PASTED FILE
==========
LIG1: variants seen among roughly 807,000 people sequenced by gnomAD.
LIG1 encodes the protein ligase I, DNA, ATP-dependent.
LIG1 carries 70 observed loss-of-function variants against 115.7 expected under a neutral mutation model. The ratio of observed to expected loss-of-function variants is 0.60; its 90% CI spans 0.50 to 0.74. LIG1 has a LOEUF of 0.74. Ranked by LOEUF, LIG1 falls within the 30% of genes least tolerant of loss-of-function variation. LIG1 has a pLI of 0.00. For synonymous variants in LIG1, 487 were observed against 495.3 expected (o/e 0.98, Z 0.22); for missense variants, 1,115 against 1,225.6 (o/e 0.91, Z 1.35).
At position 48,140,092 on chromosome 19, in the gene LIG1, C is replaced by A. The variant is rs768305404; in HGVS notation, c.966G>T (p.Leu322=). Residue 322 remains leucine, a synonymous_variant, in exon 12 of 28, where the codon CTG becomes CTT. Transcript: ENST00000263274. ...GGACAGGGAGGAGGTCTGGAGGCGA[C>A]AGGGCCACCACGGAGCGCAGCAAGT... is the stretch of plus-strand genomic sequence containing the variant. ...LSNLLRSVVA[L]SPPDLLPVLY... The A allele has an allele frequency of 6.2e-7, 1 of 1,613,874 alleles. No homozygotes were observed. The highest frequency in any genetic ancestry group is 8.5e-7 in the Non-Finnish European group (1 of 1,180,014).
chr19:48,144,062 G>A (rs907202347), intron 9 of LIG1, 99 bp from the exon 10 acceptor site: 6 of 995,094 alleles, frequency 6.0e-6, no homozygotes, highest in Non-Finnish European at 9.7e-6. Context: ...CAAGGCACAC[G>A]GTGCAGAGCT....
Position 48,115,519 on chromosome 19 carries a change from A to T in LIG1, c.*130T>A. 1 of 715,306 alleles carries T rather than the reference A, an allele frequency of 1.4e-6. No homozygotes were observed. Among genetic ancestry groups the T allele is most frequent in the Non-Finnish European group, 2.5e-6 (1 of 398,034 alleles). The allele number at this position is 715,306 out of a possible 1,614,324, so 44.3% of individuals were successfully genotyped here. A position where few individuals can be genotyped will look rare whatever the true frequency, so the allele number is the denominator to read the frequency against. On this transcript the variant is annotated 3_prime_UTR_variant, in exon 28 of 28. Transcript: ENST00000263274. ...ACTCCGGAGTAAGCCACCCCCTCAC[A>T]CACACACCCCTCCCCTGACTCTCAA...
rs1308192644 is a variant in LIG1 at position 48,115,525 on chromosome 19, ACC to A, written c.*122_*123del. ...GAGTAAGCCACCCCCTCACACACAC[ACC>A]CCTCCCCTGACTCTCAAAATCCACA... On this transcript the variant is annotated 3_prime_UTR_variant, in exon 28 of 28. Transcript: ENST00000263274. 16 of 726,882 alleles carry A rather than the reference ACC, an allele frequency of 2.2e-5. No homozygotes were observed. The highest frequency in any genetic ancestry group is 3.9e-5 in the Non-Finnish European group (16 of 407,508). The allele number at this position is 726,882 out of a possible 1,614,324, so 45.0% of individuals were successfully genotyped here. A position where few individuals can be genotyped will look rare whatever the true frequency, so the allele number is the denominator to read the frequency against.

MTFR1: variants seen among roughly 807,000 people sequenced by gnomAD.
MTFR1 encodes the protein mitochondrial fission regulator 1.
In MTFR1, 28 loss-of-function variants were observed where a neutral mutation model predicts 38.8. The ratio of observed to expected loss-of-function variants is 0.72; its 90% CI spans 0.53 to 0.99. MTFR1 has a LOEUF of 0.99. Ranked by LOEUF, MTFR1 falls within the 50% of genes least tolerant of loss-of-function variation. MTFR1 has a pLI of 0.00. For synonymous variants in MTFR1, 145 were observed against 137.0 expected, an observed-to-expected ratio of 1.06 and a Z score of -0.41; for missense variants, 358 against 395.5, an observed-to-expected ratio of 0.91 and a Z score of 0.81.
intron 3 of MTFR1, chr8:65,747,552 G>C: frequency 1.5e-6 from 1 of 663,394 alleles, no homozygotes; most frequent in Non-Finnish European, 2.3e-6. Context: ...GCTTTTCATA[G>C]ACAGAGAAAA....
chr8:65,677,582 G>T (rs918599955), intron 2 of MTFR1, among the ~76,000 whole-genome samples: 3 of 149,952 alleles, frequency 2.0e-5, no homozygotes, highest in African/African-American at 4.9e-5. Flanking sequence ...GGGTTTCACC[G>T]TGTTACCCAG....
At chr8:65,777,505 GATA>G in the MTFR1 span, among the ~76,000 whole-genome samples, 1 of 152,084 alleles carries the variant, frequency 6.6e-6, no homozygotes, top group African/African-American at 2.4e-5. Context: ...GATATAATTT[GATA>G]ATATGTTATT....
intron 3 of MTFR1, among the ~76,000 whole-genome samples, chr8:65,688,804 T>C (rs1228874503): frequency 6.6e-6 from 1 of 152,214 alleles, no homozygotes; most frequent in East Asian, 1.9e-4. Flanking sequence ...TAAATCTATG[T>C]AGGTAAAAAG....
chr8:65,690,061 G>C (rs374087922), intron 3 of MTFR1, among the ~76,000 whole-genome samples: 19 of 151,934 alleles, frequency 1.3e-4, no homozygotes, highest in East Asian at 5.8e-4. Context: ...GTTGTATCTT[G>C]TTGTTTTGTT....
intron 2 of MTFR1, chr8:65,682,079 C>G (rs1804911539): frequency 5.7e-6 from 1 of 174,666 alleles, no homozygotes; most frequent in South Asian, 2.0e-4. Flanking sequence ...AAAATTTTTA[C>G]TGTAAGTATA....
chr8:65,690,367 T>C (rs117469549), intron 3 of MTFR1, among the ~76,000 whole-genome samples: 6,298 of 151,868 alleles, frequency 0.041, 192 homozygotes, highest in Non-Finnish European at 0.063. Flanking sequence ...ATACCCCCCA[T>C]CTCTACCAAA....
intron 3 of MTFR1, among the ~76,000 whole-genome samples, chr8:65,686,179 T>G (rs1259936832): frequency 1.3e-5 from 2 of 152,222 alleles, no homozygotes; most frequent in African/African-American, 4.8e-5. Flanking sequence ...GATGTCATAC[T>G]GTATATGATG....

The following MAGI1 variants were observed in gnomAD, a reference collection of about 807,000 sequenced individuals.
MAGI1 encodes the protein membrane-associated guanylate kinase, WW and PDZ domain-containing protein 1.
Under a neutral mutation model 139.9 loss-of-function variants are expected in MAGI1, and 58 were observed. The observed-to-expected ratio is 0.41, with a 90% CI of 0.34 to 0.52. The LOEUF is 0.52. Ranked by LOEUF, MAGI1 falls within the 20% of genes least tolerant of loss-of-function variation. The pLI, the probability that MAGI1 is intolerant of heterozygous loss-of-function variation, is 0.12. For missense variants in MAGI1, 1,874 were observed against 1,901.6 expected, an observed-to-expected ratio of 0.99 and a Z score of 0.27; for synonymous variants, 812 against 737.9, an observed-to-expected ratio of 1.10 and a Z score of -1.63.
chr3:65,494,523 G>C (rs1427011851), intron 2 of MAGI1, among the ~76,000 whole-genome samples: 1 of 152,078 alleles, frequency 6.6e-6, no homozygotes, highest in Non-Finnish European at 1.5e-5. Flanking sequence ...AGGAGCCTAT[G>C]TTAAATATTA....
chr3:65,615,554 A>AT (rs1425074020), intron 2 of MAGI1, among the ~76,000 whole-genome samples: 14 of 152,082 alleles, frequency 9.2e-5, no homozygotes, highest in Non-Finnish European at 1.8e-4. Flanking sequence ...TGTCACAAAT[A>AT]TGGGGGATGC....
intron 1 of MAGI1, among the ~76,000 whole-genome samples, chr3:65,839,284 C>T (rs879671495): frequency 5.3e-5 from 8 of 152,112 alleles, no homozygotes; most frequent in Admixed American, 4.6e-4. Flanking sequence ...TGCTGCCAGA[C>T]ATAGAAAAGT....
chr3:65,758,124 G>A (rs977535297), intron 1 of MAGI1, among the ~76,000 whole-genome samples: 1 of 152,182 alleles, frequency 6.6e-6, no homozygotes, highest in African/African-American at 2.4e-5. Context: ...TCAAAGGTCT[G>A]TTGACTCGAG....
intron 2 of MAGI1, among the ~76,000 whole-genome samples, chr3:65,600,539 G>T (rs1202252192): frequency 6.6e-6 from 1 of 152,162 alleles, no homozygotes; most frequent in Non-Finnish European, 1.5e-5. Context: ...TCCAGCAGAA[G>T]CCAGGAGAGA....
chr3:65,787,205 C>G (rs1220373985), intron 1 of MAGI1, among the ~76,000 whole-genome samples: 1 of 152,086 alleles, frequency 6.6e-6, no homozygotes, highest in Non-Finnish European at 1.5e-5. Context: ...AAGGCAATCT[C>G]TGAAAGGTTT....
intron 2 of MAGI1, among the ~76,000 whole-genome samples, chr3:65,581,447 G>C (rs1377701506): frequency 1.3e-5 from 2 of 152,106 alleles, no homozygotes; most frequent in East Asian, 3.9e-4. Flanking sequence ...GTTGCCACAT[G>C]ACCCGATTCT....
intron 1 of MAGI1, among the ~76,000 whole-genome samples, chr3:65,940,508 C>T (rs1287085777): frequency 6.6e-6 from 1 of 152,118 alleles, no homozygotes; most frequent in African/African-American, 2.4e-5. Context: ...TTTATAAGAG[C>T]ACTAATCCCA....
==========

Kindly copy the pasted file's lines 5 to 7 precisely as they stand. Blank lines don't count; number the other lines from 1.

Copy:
chr19:48,144,062 G>A (rs907202347), intron 9 of LIG1, 99 bp from the exon 10 acceptor site: 6 of 995,094 alleles, frequency 6.0e-6, no homozygotes, highest in Non-Finnish European at 9.7e-6. Context: ...CAAGGCACAC[G>A]GTGCAGAGCT....
Position 48,115,519 on chromosome 19 carries a change from A to T in LIG1, c.*130T>A. 1 of 715,306 alleles carries T rather than the reference A, an allele frequency of 1.4e-6. No homozygotes were observed. Among genetic ancestry groups the T allele is most frequent in the Non-Finnish European group, 2.5e-6 (1 of 398,034 alleles). The allele number at this position is 715,306 out of a possible 1,614,324, so 44.3% of individuals were successfully genotyped here. A position where few individuals can be genotyped will look rare whatever the true frequency, so the allele number is the denominator to read the frequency against. On this transcript the variant is annotated 3_prime_UTR_variant, in exon 28 of 28. Transcript: ENST00000263274. ...ACTCCGGAGTAAGCCACCCCCTCAC[A>T]CACACACCCCTCCCCTGACTCTCAA...
rs1308192644 is a variant in LIG1 at position 48,115,525 on chromosome 19, ACC to A, written c.*122_*123del. ...GAGTAAGCCACCCCCTCACACACAC[ACC>A]CCTCCCCTGACTCTCAAAATCCACA... On this transcript the variant is annotated 3_prime_UTR_variant, in exon 28 of 28. Transcript: ENST00000263274. 16 of 726,882 alleles carry A rather than the reference ACC, an allele frequency of 2.2e-5. No homozygotes were observed. The highest frequency in any genetic ancestry group is 3.9e-5 in the Non-Finnish European group (16 of 407,508). The allele number at this position is 726,882 out of a possible 1,614,324, so 45.0% of individuals were successfully genotyped here. A position where few individuals can be genotyped will look rare whatever the true frequency, so the allele number is the denominator to read the frequency against.